Doorstop interview, Launch of the Hope Island Respiratory Clinic

E&EO

Minister Robert:
Good morning. Great to be here at Hope Island to launch the third respiratory clinic here on the Gold Coast. I'm joined by Dr Andrew Weissenberger, who is the head of the respiratory clinic here behind us. And of course, Dr Roger Halliwell, who is the chair of the Primary Health Network here.

First of all, I hope everyone has got COVIDSafe downloaded on their phone. It's an extraordinary application. And I think it's leading the world in the number of downloads in per capita, which is tremendous and I'd encourage all Australians to download the app as a core part of helping us or helping the nation keep itself fit and healthy and safe in the current COVID environment.

It's great to be here to have the third respiratory clinic here on the Gold Coast and there'll be a fourth clinic opening in Nerang in the coming weeks for Aboriginal and Torres Strait Islander people, but it's wonderful.

Roger, I might get you talk a bit about what it means for the Coast, and then Andrew what it means for your practice and how it's going to work.

Dr Roger Halliwell:
So, respiratory clinics are part of the suite of activities to reduce the risk of patients who are unwell and may have COVID-19 from spreading it to other patients.

It keeps sick people away from waiting rooms which might sound counterintuitive, but it is critically important that the rest of general practice continues without exposing patients to a nasty virus.

This is the third clinic on the Gold Coast over 1000 patients have been seen already in the other two clinics, plus a few here. And as Stuart said we're looking forward to Nerang opening later this week.

It's a critical part of the story. Everyone's getting a test because we definitely want to identify all individuals who have COVID-19 so that they can be put through the process of identifying the virus and reduce the risk to the rest of the community.

Minister Robert:
Andrew, will you talk about the practice

Dr Andrew Weissenberger:
Yeah, so as Roger was saying, the GP respiratory claims are really important community part of the response to COVID. And it's really great to have community located centres like ours opening.

So these centres are very safe and accessible for our patients so not only are they tested at a GP respiratory clinic, but they're also clinically assessed and they’re managed so it's more than just testing we are actually looking after the patients as well.

And of course the message is, if you are in any way sick with even the mildest symptoms, then you should be assessed and tested.

Minister Robert:
Questions on the clinic whilst we have the two eminent doctors here, then happy to talk about anything else.

Journalist:
What's the turnaround time on testing at a clinic like this?

Dr Andrew Weissenberger:
Usually within 24 hours, it does depend on the day of the week, that sort of thing of the weekend is a little more challenging and the tests get batched. So, if you if you miss the next batch then it's got to wait till the next one that goes so around the 24 hours, occasionally a little bit more.

Journalist:
Is there a fear that as we get to colder weather and flu season that might the community more?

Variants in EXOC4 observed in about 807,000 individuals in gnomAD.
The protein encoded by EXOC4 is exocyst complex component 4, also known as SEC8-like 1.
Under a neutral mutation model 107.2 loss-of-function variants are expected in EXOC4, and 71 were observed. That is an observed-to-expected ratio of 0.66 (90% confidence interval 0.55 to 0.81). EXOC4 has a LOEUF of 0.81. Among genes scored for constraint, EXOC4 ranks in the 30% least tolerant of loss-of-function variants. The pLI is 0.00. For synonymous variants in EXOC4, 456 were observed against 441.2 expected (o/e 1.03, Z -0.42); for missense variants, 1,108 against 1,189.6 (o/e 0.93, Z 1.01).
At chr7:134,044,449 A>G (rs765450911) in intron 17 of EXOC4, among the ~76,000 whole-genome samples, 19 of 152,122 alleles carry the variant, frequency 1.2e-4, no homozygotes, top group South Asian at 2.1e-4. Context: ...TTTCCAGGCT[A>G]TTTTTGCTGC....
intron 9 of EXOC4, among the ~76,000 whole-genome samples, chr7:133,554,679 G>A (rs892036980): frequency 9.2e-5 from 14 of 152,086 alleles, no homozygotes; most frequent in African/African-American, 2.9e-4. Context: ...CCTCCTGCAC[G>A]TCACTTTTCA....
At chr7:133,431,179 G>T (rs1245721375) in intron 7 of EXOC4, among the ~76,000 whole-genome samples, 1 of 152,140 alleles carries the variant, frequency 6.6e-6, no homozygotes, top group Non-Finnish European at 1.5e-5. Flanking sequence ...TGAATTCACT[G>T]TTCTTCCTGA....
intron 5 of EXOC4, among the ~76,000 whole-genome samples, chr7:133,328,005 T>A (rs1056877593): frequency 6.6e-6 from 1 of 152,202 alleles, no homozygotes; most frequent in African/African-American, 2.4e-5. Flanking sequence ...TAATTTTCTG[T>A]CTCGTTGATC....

Dr Andrew Weissenberger:
Well, that's one of the concerns we have and it's also one of the reasons that we want as many people as possible to have their flu vaccine. If we've eliminated influenza from the equation, it makes it easier to identify those patients who may have COVID.

Journalist:
What are the testing criteria?

Dr Andrew Weissenberger:
In this part of the world it's every single person who walks through the door.

Journalist:
Can you talk us through the three clinics, how many Gold Coasters presenting each day?

Dr Andrew Weissenberger:
I think the smallest number is 40 in one day. 40 to 60 is a realistic number. I have the ability to scale up things through style as I need to leisure, so it's really just a matter of matching supply and demand

Journalist:
So is that 40 per clinic?

Dr Andrew Weissenberger:
Yes

Minister Robert:
Great, tremendous, thanks.

And I encourage any Gold Coaster, the clinic, Andrew, is open here every afternoon one to five is that right?  

Dr Andrew Weissenberger:
That’s right Monday to Friday and Saturday morning.

Minister Robert:
So if Gold Coasters are feeling unwell, there's three respiratory clinics soon to be a fourth in Nerang, but for the northern Gold Coast, here's where they can come. They can call your practice Andrew or book online and come straight down. I encourage all Gold Coasters, to do that.
 
Andrew, Roger thank you for your time, any wider questions?

Journalist:
What’s your comments on the Craig International Ballistics contract with the government?

Minister Robert:
Happy to. Craig International has been working in the area of ballistics protection for many, many years in the last few weeks government assigned a number of contracts with Craig, they are just down at Arundel, they're a local company.

They are world leading in soft skin ballistics, which is extraordinary and it's great to see that the federal government procuring ballistic armour, in this case, soft ballistic armour directly from a Gold Coast supplier it is world leading technology. I've seen it before when I was previously one of the defence ministers and it is extraordinary.

Journalist:
Can you just run us through the soft ballistic armour? What it involves, sounds counterintuitive doesn’t it?

Minister Robert:
It does. Normally a ballistic armour plate is hard and solid and takes a round into it. Soft armour is all about how you have a surface that is malleable that is lighter, that is easier to wear, but can still take a ballistic ground into it and to protect the person.